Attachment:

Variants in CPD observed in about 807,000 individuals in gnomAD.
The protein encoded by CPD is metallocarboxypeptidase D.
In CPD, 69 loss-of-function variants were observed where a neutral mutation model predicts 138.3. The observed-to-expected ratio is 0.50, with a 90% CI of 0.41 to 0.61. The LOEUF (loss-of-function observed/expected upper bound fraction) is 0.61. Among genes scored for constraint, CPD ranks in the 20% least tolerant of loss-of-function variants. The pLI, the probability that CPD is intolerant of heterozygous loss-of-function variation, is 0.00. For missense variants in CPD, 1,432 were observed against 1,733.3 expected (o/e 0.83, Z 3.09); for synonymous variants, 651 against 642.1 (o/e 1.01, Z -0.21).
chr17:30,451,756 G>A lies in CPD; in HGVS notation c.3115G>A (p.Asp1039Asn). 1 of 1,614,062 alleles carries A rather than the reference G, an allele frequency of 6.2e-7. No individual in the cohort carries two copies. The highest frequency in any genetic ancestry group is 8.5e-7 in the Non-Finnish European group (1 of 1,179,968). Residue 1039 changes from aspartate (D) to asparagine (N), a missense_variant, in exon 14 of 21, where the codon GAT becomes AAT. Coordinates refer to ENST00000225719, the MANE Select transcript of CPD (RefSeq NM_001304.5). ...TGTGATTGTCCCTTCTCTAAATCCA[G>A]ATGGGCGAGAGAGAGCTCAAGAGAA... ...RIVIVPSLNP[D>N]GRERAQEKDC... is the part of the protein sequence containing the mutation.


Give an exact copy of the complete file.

Variants in CPD observed in about 807,000 individuals in gnomAD.
The protein encoded by CPD is metallocarboxypeptidase D.
In CPD, 69 loss-of-function variants were observed where a neutral mutation model predicts 138.3. The observed-to-expected ratio is 0.50, with a 90% CI of 0.41 to 0.61. The LOEUF (loss-of-function observed/expected upper bound fraction) is 0.61. Among genes scored for constraint, CPD ranks in the 20% least tolerant of loss-of-function variants. The pLI, the probability that CPD is intolerant of heterozygous loss-of-function variation, is 0.00. For missense variants in CPD, 1,432 were observed against 1,733.3 expected (o/e 0.83, Z 3.09); for synonymous variants, 651 against 642.1 (o/e 1.01, Z -0.21).
chr17:30,451,756 G>A lies in CPD; in HGVS notation c.3115G>A (p.Asp1039Asn). 1 of 1,614,062 alleles carries A rather than the reference G, an allele frequency of 6.2e-7. No individual in the cohort carries two copies. The highest frequency in any genetic ancestry group is 8.5e-7 in the Non-Finnish European group (1 of 1,179,968). Residue 1039 changes from aspartate (D) to asparagine (N), a missense_variant, in exon 14 of 21, where the codon GAT becomes AAT. Coordinates refer to ENST00000225719, the MANE Select transcript of CPD (RefSeq NM_001304.5). ...TGTGATTGTCCCTTCTCTAAATCCA[G>A]ATGGGCGAGAGAGAGCTCAAGAGAA... ...RIVIVPSLNP[D>N]GRERAQEKDC... is the part of the protein sequence containing the mutation.